With the Academy Awards around the corner, we found some Post covers that make us want to grab a bucket of popcorn and watch a great flick!
In 1916, Charlie Chaplin’s star was still rising rapidly. By 1916, at age 26, he was making $670,000 a year and in charge of his own studio. He had already appeared in 50 films, including his most well-known, The Tramp.
The movie bug has bitten these kids early – looks like we have a budding director, cinematographer, and actress in the making!
He must have been watching Andy Warhol’s Empire.
Bags of popcorn have gotten larger and hair bows have gotten smaller since 1942.
You can’t go wrong with a good romance, even in less-than-ideal circumstances.
These cleaning ladies are at the theater, not the movies, but we couldn’t resist including this classic Rockwell illustration.
Illustrator John Falter grew up in the Midwest and started his career in New York, and most of his paintings depict these locations. This southwestern movie theater is an outlier, but reflected Falter’s later interest in western art.
Riding in the “way-back” of your parents’ station wagon has gone the way of the dodo, but you can still find a few drive-in movie theaters here and there.
Charlie Chaplin Fans
Norman Rockwell was thrilled when he sold his first Post cover in 1916. “I used to sit in the studio with a copy of the Post laid across my knees,” Rockwell wrote in his autobiography. “’Must be 2 million people look at that cover,’ I’d say to myself. ‘At least. Probably more. Two million subscribers and then their wives, sons, daughters, aunts, uncles, friends. Wow! All looking at my cover.’” Needless to say, his fantasy of himself as a famous illustrator came true in spades.
This cover was one of his finest of that era, with an already masterful use of light—in this case reflected from the flickering screen onto the delighted faces of the theatergoers.
Old Folks at the Theater
Pops clearly thinks Vaudeville is a hoot in this 1916 cover, but the more puritanical Missus does not approve. This is the only Post cover by Watson Barratt, about whom little is known today.
It is interesting to note an article inside this issue on World War I by H.G. Wells and one of many stories the Post published by the delightful P.G. Wodehouse.
Uncle Tom’s Cabin
Next to the Bible, Harriett Beecher Stowe’s novel, Uncle Tom’s Cabin, was the best-selling book of the 19th century. Yes, it has long been decried for racial stereotypes, but Stowe made it clear that no Christian could condone slavery. This 1927 cover by Edgar Franklin Wittmack shows an Opera House featuring the play. We’re guessing the actor shown here was portraying the cruel slave owner whose name has become synonymous with greed and evil: Simon Legree. Artist Wittmack illustrated more than 20 Post covers.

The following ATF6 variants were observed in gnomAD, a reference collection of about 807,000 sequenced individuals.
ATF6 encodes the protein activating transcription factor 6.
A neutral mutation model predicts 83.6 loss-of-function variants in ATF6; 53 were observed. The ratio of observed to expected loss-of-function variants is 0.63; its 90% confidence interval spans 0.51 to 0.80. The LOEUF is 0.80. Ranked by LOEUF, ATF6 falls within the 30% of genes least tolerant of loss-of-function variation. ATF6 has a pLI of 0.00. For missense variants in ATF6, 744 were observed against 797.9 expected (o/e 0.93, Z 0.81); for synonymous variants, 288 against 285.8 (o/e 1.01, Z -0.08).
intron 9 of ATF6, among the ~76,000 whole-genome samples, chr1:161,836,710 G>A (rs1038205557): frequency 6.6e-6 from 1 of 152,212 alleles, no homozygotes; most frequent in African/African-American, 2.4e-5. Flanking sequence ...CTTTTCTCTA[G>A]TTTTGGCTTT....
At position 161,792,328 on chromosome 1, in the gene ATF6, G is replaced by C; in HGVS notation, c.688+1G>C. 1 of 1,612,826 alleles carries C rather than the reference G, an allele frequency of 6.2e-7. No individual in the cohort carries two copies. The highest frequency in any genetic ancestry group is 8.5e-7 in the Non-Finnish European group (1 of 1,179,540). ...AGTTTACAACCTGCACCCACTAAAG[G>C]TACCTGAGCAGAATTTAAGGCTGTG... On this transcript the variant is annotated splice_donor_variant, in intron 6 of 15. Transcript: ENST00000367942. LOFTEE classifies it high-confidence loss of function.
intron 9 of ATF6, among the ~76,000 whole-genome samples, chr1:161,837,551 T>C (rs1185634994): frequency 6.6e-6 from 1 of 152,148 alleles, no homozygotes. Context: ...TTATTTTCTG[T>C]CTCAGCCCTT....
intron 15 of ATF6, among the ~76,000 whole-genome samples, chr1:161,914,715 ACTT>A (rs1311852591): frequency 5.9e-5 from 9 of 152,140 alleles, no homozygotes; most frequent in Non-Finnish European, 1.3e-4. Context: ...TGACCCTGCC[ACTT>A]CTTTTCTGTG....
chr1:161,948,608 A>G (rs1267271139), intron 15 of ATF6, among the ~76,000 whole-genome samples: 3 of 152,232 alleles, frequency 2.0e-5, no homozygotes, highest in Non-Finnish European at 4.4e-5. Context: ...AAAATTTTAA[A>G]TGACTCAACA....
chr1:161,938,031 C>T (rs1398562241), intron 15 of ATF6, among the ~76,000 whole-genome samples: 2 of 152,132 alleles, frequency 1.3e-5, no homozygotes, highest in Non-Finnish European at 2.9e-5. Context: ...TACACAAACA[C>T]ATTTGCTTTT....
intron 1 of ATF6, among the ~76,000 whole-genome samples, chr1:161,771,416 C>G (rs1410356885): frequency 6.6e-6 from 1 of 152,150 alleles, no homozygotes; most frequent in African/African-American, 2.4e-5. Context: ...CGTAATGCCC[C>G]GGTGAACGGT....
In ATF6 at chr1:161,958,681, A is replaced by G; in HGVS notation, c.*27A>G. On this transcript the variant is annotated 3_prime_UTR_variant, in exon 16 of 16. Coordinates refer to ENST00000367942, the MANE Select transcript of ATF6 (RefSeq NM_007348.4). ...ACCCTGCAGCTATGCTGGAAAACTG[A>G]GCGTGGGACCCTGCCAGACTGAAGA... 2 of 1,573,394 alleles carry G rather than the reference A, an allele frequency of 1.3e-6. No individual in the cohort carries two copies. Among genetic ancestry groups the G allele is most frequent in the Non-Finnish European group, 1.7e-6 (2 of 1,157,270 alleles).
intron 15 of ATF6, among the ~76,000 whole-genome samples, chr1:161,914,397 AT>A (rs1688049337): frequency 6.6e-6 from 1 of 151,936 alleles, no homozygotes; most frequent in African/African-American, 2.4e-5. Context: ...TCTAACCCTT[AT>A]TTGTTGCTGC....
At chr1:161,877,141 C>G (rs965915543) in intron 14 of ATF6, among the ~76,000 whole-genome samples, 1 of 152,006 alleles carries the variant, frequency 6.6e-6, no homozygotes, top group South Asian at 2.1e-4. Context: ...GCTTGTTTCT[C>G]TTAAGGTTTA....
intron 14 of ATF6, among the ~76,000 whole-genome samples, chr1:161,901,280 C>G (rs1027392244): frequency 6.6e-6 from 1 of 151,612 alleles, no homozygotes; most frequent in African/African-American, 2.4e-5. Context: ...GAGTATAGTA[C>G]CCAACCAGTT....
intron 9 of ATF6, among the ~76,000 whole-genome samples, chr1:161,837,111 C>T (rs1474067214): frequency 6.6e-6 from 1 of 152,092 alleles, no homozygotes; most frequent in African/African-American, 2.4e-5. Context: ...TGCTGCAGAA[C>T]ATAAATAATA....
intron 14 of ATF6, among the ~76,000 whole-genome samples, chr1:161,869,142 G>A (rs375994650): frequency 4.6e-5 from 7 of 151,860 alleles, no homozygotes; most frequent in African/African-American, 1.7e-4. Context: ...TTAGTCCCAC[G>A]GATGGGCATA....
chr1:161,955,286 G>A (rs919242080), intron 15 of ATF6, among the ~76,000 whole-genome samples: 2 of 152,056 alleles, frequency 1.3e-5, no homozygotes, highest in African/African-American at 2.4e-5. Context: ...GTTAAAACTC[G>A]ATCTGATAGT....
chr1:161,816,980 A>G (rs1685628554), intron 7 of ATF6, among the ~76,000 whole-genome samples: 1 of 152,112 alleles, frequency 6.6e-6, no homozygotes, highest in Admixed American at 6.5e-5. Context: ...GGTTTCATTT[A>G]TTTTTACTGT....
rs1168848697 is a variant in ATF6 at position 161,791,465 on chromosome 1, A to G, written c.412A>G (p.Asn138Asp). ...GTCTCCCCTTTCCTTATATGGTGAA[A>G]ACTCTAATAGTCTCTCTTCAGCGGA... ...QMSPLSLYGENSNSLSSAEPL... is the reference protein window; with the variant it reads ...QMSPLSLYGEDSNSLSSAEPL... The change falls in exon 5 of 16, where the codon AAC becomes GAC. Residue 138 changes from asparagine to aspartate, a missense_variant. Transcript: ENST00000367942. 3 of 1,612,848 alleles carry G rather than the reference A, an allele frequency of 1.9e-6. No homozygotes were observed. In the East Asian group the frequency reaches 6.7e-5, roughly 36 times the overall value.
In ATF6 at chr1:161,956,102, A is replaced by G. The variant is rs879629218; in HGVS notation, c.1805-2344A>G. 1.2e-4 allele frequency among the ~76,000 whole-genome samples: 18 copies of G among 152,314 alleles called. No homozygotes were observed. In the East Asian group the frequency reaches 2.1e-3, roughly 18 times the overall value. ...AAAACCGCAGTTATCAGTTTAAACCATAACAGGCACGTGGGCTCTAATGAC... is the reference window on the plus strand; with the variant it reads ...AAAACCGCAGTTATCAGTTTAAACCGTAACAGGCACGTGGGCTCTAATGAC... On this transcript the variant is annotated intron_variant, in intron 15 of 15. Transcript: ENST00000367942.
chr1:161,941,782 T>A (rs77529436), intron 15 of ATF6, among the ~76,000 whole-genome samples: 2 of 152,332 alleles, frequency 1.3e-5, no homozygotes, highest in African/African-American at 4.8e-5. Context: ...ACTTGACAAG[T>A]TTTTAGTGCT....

Norman Rockwell was full of surprises. On occasion, a Rockwell cover just doesn’t look “like a Rockwell.” Case in point is this 1939 illustration of a very pretty actress in full Elizabethan regalia. Contrast her elaborate costume with her stark “dressing room”—backstage at a barn, with an old crate serving as a dressing table. Her assistants? A couple of helpful barnyard residents.
Man Asleep in Theater
We laughed, we cried … we fell asleep. While the lovely lady with the hanky and the gentleman behind her appear to wipe away a tear, one moviegoer was moved … to nap. This 1940 cover was by Emery Clarke, who, while not a well-known artist, did half a dozen other Post covers.
Cousin Reginald is the Hero
In 1917-1919, Norman Rockwell painted a series of covers for Country Gentleman magazine, a sister publication to the Post. The characters he created were a group of often mischievous, if not downright ornery, country boys and their visiting city cousin, Reginald. Cousin Reginald was a geeky kid who was always bested by the kids’ rural activities: fishing, swimming, etc.
Rockwell must have finally tired of the tribulations he put Reginald through, for in this 1918 cover, cousin Reginald gets to be the hero. The cousins are in a rather clichéd school play, where the villain is throwing the poor maiden out for nonpayment of rent, when good old Reggie comes through with the deed to the house just in time! For more on these delightful covers see: “Norman Rockwell’s Cousin Reginald.”
Reprints of covers are available at Art.com.